I initially paired the PM3 with a Fiio X5 2nd Gen and found them to be a little boring/flat - still great, but the pairing with the HA2 which I now use is definitely not boring - there is an initial feeling that there could be a little wider soundstage, a bit more sparkle in the treble but then .....whoa.......suddenly you are engrossed in the music and it's several hours later in the day - to me this is preferable than being initially wowed by the wideness of the soundstage and the sheer clarity but having to remove the headphone 1/2 hour later because it's too damn fatiguing. My other impression is that despite being billed as a portable headphone and usable with iPhones etc any experience I have had based on this would have had me sending them back/selling them in an instant - it's just not possible to experience these headphones at even a fraction of their potential unless you have a very capable source/amp (whether portable or home based)
      beyerdude, Mar 4, 2016
  2. hb-subyman
    OPPO PM-3's - Awesome Cans
    Written by hb-subyman
    Published Dec 31, 2015
    5.0/5,
    Pros - Great sound, great lows, mids and highs, wore headphones for 7 - 8 hours without any pain, very isolating.
    Cons - Needs to have two cables one to each can so you can used balanced cables.
    I originally purchased the PM-3 cans back in July from OPPO and thought they had no bass response and just did not sound great, so I sent them back.  Since then I tested vmoda M100's, Sennheiser 280's and Momentum 2.0's.  I also have a pair of Sennheiser HD 700 that I love.  The vmoda's were very good sounding headphone with lots of bass and they covered the sound spectrum fairly well, but the highs were just a little subdued but not to much.  Comfort for the vmoda's was not great.  If the cans had more movement to fit your head better and a larger opening for the earpads they would be much better.  Did not spend a lot of time with the 280's because they just did not impress me very much.  The Momentum 2.0's were very good as far as sound quality but just were not very comfortable.  Also, everything was tested with and without a vmoda Verza amp which I think is very good.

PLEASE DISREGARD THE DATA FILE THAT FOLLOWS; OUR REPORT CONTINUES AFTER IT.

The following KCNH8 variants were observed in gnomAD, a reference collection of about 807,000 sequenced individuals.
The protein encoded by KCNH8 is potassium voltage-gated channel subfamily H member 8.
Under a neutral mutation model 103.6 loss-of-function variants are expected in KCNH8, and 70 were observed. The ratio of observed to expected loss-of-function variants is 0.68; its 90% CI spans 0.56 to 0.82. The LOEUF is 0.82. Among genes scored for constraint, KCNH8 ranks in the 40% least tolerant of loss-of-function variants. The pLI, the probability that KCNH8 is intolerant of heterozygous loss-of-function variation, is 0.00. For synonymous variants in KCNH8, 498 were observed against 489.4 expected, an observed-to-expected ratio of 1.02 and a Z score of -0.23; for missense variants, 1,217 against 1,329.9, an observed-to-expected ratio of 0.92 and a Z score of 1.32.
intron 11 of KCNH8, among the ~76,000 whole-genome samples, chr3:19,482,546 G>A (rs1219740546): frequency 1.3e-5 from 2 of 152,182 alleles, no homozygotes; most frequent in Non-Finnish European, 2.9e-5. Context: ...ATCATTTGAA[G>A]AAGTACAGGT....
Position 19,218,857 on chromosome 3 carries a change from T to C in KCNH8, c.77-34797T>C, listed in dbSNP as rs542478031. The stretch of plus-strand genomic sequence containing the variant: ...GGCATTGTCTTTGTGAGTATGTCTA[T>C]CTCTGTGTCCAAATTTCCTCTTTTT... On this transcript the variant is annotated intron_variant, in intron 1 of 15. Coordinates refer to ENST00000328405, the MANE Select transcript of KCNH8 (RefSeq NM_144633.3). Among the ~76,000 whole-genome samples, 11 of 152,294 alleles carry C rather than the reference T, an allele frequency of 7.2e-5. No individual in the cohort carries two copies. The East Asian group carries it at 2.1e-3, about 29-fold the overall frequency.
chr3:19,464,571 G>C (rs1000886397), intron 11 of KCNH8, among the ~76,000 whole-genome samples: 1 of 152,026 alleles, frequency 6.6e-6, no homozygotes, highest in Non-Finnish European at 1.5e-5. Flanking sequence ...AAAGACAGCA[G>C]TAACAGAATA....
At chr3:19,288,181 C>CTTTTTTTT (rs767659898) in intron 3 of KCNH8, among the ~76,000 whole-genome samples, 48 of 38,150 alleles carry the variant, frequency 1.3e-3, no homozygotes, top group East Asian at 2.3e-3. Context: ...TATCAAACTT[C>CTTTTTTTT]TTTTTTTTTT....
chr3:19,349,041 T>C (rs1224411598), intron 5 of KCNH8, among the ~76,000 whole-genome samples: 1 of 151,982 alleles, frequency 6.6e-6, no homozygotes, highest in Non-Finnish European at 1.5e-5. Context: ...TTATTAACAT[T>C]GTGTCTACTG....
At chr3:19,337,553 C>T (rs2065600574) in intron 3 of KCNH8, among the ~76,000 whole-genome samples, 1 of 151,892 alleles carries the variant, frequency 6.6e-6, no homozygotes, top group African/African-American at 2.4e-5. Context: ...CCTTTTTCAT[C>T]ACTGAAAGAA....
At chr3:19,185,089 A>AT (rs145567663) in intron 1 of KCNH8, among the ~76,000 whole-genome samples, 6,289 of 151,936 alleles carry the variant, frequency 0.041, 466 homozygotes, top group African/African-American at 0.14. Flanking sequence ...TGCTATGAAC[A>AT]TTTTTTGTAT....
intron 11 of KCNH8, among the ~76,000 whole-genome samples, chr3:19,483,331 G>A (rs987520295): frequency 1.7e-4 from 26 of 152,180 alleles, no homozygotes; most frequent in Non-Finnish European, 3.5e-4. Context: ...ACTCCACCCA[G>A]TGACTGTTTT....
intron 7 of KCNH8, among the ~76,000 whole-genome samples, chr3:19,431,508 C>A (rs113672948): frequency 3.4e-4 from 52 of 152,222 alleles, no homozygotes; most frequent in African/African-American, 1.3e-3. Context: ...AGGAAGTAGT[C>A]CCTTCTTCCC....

Now to the PM-3's.  So, after testing all of the above I decided to try the PM-3's again based on all the newer reviews since I had purchase them back in July.  Well, I have let them burn in for 24 hours and they are just amazing cans.  I find they sound better with audiophile music with the amp but they are not bad even with the iPhone and no amp.  The bass shows itself when needed and some say the highs are subdued but I find with the vmoda amp the bass and highs come alive.  The mids are spot on.  I have used my mac as well with audiophile music and they sound awesome.  The soundstage is small but very clean. I slept the last two nights with the PM-3's, fell asleep and woke up in the morning with music still playing with the cans still on my head without any pain and actually was nice waking up to quality music on my ears.  Some might say the cans are a little tight but give them a chance and you will find that they find there way to become more and more comfortable as time goes on.
     
     
     

    1. PinkyPowers
      How do you compare them to the Senn Momentum 2.0 in sound quality... unamped?
      PinkyPowers, Dec 31, 2015
  3. Hifi Enthusiast
    An over-ear closed back portable that sets the bar high.
    Written by Hifi Enthusiast
    Published Dec 30, 2015
    5.0/5,
    Pros - Comfort, Sound Stage, and Portability
    Cons - Ear pads aren't owner replaceable at this price point
    Why did I purchase the Oppo PM-3?
    My current portable set of headphones for the last couple of years has been the B&W P5. I recently started searching for a suitable over ear closed design to augment or replace the B&W P5.  I typically listen to my headphones while traveling or before going to bed and needed something that wouldn’t allow much if any music to escape. When researching my next set of portable headphones, I was considering the Audeze EL-8, Sony MDR-1A and the Oppo PM-3.  Based on reading several reviews, in-store listening sessions and taking the price point into account I decided to purchase the Oppo PM-3.